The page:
Were you, in your youth, a risk-taker? Before you became a mom, did steep hills on your mountain bike not faze you in the least? Did you actually jump out of a plane? Was adrenaline your friend? And did you, after having kids, drop all that? Are you all about attached to the ground safety now? Has your comfort zone become smaller and smaller? Maybe it’s time to break out of the classic mom mold and get in touch with your inner adrenaline junkie. It’s time to take a risk.
We are beings that spend serious amounts of time, thought and energy on safety. From the moment our children enter our lives, we create as safe as possible a world for them. That safety net extends to the whole family, and rightfully so. But in this desire for (the illusion of) absolute safety, have we forgotten how to take risks? Have you forgotten what it feels like to do something a bit scary, release some serious adrenaline — and feel wholly alive?
Moms are all about safety…right?
More than a few moms have dropped all adventure activity upon launching into parenting. While some would argue — and they are correct on many levels — that parenting is the greatest adventure and the greatest risk of all, more than a few moms have cut out more obviously physically risky activities on the basis of motherhood. You’re right that the higher risk of skydiving might not be worth it when there are babies at home, but does that mean you need to cut out all adventure and adrenaline inducing activity? Are you sure there’s not some activity you can do in relative safety that will allow you to get that lovely rush again? Indoor rock climbing? Trapeze school? Surfing? Something else?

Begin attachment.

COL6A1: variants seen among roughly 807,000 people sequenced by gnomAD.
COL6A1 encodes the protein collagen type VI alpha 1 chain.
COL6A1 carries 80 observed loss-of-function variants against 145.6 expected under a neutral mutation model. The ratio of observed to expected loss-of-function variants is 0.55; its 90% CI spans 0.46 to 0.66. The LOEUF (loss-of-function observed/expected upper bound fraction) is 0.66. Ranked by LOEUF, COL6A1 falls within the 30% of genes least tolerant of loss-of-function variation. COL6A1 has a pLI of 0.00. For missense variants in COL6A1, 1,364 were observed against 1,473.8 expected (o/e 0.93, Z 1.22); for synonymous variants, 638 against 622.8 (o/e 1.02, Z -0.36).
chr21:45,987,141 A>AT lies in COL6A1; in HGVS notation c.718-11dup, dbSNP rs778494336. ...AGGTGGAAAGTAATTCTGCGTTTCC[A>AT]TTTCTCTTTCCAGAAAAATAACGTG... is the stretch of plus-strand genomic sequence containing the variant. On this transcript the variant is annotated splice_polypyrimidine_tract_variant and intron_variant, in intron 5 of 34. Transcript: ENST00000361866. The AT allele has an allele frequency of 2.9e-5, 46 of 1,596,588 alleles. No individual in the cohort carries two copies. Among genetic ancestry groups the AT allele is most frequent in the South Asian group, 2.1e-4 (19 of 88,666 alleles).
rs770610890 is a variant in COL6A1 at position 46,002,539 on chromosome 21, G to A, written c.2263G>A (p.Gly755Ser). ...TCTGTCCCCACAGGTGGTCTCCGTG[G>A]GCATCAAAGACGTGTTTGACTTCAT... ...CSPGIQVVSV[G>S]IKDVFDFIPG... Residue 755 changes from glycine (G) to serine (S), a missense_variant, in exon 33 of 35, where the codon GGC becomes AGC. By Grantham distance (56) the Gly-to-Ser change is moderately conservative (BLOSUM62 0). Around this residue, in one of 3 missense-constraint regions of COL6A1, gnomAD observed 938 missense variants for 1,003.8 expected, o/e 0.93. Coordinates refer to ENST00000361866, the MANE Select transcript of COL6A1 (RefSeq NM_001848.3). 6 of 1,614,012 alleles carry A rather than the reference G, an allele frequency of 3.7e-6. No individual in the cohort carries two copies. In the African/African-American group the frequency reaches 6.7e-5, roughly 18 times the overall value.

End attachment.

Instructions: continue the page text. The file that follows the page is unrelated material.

Life is not without risk
Life is risk. Everything we do involves some level of risk. Yes, some risk is higher than others. You can feel pretty confident that your legs will hold your weight and you’ll get down the stairs to the coffee maker quickly and safely each morning — but getting up each morning is still a risk.
In addition, as examples to our kids, we need to show them how to take risks — physical, emotional, social, financial and more. Appropriate risk, of course. We need to teach them about balancing risk and reward — when taking a risk is worth it and when it’s not. The best way to do that is, of course, by example. By showing our kids the process of taking risks, including the facing the fear part, we teach them about appropriate risk taking. Moving from adventuresome to wholly risk averse is good for neither you nor your kids.
Get on that rollercoaster
The next time the opportunity presents itself, whether with your kids or with girlfriends, get on that rollercoaster, try that zip line or take that steep hill again (maybe more slowly and with more pads!). Take appropriate precautions, of course, and balance risk to reward — but take a risk in a way you haven’t since before you had children. It likely will be scary and exhilarating and thrilling and more and you’ll likely have a huge smile on your face in the end. It will be worth it.